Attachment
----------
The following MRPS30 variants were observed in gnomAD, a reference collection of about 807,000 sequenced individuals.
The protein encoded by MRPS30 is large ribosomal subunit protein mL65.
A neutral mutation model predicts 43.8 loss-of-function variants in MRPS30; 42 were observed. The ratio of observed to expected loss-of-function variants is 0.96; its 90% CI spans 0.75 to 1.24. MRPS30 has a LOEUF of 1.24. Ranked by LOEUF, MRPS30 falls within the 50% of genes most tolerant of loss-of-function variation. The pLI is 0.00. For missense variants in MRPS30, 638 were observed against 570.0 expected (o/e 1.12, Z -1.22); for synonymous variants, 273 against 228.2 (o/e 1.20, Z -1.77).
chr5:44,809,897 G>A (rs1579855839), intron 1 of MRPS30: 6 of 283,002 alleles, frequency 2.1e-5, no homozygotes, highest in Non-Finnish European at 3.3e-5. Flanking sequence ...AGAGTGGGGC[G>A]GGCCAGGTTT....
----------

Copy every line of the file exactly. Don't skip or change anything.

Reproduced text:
The following MRPS30 variants were observed in gnomAD, a reference collection of about 807,000 sequenced individuals.
The protein encoded by MRPS30 is large ribosomal subunit protein mL65.
A neutral mutation model predicts 43.8 loss-of-function variants in MRPS30; 42 were observed. The ratio of observed to expected loss-of-function variants is 0.96; its 90% CI spans 0.75 to 1.24. MRPS30 has a LOEUF of 1.24. Ranked by LOEUF, MRPS30 falls within the 50% of genes most tolerant of loss-of-function variation. The pLI is 0.00. For missense variants in MRPS30, 638 were observed against 570.0 expected (o/e 1.12, Z -1.22); for synonymous variants, 273 against 228.2 (o/e 1.20, Z -1.77).
chr5:44,809,897 G>A (rs1579855839), intron 1 of MRPS30: 6 of 283,002 alleles, frequency 2.1e-5, no homozygotes, highest in Non-Finnish European at 3.3e-5. Flanking sequence ...AGAGTGGGGC[G>A]GGCCAGGTTT....